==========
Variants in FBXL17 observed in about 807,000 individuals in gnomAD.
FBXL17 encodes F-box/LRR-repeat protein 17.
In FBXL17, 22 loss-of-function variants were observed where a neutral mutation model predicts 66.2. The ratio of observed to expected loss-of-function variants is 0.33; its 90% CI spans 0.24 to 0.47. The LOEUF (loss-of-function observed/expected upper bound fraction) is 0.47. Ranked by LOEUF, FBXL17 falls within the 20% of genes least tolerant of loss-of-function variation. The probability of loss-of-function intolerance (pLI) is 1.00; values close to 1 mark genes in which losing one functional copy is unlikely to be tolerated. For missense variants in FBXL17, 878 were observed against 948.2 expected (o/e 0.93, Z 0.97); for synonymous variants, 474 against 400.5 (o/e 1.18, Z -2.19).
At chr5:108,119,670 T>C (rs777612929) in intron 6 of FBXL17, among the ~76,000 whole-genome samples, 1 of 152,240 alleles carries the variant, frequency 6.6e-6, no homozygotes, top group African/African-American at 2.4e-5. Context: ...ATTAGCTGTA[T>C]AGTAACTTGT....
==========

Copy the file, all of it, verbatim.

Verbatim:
Variants in FBXL17 observed in about 807,000 individuals in gnomAD.
FBXL17 encodes F-box/LRR-repeat protein 17.
In FBXL17, 22 loss-of-function variants were observed where a neutral mutation model predicts 66.2. The ratio of observed to expected loss-of-function variants is 0.33; its 90% CI spans 0.24 to 0.47. The LOEUF (loss-of-function observed/expected upper bound fraction) is 0.47. Ranked by LOEUF, FBXL17 falls within the 20% of genes least tolerant of loss-of-function variation. The probability of loss-of-function intolerance (pLI) is 1.00; values close to 1 mark genes in which losing one functional copy is unlikely to be tolerated. For missense variants in FBXL17, 878 were observed against 948.2 expected (o/e 0.93, Z 0.97); for synonymous variants, 474 against 400.5 (o/e 1.18, Z -2.19).
At chr5:108,119,670 T>C (rs777612929) in intron 6 of FBXL17, among the ~76,000 whole-genome samples, 1 of 152,240 alleles carries the variant, frequency 6.6e-6, no homozygotes, top group African/African-American at 2.4e-5. Context: ...ATTAGCTGTA[T>C]AGTAACTTGT....